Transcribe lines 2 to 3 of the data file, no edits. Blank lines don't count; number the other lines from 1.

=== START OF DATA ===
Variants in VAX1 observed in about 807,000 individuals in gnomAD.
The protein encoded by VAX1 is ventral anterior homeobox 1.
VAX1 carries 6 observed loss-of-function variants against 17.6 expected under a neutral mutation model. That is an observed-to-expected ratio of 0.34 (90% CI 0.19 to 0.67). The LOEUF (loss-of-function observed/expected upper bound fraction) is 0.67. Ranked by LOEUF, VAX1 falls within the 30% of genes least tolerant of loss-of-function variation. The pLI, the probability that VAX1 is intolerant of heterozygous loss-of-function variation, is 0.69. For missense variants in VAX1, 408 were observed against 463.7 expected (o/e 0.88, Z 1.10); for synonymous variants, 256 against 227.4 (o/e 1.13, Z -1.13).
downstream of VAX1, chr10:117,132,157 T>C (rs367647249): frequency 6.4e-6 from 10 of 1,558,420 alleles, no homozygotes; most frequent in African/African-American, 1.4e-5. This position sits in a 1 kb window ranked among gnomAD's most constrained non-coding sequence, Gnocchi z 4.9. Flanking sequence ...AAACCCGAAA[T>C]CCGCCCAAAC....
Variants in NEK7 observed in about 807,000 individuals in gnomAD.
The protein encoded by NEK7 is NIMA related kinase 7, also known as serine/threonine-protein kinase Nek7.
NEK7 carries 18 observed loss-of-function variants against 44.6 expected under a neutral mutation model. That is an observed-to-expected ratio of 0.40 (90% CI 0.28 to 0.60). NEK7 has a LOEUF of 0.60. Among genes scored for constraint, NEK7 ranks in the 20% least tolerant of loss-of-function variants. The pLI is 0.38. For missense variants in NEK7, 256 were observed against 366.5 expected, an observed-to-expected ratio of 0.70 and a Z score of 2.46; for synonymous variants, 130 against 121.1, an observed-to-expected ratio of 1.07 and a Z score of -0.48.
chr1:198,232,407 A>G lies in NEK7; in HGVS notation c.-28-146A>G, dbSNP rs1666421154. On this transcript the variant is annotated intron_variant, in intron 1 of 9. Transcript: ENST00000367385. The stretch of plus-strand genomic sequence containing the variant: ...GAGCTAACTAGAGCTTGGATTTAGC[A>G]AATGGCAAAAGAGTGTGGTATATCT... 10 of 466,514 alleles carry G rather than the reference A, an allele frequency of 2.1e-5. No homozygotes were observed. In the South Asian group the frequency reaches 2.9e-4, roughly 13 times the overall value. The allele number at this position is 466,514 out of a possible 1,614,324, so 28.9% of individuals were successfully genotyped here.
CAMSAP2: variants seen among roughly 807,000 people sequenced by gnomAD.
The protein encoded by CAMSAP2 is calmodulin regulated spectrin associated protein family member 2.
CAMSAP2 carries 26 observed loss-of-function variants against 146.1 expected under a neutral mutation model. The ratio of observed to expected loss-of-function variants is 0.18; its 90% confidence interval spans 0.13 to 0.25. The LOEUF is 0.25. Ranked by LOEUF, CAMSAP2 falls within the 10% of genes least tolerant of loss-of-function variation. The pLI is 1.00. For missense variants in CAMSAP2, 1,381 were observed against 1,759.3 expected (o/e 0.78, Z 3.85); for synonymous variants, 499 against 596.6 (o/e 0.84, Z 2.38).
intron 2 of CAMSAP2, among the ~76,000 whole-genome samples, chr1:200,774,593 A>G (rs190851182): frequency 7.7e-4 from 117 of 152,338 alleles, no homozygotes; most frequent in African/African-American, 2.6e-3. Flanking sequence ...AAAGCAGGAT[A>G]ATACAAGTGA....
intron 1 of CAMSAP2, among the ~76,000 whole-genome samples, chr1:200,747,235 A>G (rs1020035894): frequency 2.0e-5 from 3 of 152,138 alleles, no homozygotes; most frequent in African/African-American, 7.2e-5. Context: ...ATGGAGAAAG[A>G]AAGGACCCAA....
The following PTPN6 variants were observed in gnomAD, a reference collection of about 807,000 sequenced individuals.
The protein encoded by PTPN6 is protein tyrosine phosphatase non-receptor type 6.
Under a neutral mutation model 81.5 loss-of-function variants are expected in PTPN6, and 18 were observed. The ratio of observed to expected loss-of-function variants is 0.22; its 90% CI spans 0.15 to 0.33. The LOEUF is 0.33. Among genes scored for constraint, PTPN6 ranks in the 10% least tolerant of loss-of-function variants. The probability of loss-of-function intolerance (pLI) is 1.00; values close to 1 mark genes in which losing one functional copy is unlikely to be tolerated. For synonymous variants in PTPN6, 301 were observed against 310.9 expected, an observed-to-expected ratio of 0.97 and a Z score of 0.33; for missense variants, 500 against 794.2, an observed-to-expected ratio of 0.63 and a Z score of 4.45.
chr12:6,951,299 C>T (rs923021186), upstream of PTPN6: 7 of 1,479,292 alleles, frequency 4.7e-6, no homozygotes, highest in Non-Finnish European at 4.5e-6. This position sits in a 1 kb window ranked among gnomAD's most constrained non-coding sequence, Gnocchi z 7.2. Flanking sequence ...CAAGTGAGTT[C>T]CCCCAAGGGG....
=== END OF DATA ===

The protein encoded by VAX1 is ventral anterior homeobox 1.
VAX1 carries 6 observed loss-of-function variants against 17.6 expected under a neutral mutation model. That is an observed-to-expected ratio of 0.34 (90% CI 0.19 to 0.67). The LOEUF (loss-of-function observed/expected upper bound fraction) is 0.67. Ranked by LOEUF, VAX1 falls within the 30% of genes least tolerant of loss-of-function variation. The pLI, the probability that VAX1 is intolerant of heterozygous loss-of-function variation, is 0.69. For missense variants in VAX1, 408 were observed against 463.7 expected (o/e 0.88, Z 1.10); for synonymous variants, 256 against 227.4 (o/e 1.13, Z -1.13).